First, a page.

More than 150 high school students from several Rio Grande Valley high schools converged recently at The University of Texas-Pan American to celebrate National TRIO Day.
"I want to tell you congratulations for making that decision to take that extra step," said Dr. John Edwards, UTPA vice president for Enrollment and Student Services.
Upward Bound is one of seven federally funded programs that make up TRIO. The program has existed at UTPA since 1972 and has assisted students from low-income families finish high school, enter college and successfully graduate.
"We are one of the oldest projects in the country," said Sofia Piña, UTPA Upward Bound director. "Without the help of this program, a lot of students would struggle tremendously."
To help celebrate National TRIO Day, Norma Brewster, a representative of the Office of Congressman Rubén Hinojosa, presented Edwards and Piña with a copy of a Congressional Record dated Feb.13, 2002, in which Hinojosa discussed the success of the TRIO programs in the Valley.
"These programs promote educational excellence in at-risk students through mentoring, counseling and support," Hinojosa stated. "The goal is to make sure that these students stay in school so they can complete their education and become part of the American dream."
State Rep. Roberto Gutierrez was guest speaker. He encouraged students to go forward with their higher education goals and discussed the future of education. Other activities throughout the day included presentations on how the TRIO programs began; a presentation by the UTPA Office of Recruitment and Orientation Services; and a presentation on the transition from Upward Bound to Student Support Services. Upward Bound students who will be competing in the 25th Annual Academic Bowl in Laredo provided entertainment.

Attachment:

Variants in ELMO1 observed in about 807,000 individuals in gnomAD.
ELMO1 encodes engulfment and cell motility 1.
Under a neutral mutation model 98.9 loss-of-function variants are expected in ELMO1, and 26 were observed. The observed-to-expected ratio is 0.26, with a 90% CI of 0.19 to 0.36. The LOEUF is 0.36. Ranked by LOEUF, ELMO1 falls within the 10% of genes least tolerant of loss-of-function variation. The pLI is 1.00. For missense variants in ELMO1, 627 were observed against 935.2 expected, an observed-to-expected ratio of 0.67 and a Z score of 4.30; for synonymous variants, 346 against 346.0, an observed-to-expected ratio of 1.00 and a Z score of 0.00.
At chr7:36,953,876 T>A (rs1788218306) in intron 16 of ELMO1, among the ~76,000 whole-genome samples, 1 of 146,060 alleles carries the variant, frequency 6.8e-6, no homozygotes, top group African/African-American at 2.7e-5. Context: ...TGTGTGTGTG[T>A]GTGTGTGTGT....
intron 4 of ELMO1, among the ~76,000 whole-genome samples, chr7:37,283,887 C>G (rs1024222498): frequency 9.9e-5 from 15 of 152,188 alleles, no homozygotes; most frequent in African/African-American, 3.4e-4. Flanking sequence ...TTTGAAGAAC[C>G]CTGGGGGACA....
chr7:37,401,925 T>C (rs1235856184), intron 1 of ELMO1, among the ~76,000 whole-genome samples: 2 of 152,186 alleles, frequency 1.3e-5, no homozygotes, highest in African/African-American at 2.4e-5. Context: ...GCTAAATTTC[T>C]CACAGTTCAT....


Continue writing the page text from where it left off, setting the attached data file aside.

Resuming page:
Currently, UTPA Upward Bound serves more than 150 students from six local high schools, including Edinburg North, Johnny G. Economedes, Edcouch-Elsa, Mission, Hidalgo and Valley View.
"Our students are very committed young students because they give up 25 Saturdays in an academic year because they want to do better in school," said Piña.
Alejandro Colunga, a former Upward Bound student and current UTPA sophomore, recommends students get involved in Upward Bound and learn about the services and opportunities it offers.
"I think Upward Bound was a stepping stone for me to get into college," Colunga said. "It helped me in the transition from high school to college. They were always there to support me, and they still keep in touch with me. You can always count on them."
Students in Upward Bound meet for 25 Saturdays during the academic year and participate in a five-week summer program. After three years, they have the opportunity to enroll in up to six hours of college courses, with expenses covered by the program.
The TRIO programs include Talent Search, Upward Bound, Upward Bound Math Science, Veterans Upward Bound, Student Support Services, Educational Opportunity Centers and the Ronald E. McNair Post-Baccalaureate Achievement.
Today, more than 1,200 colleges, universities and community agencies host approximately 2,400 TRIO programs that serve 723,000 students.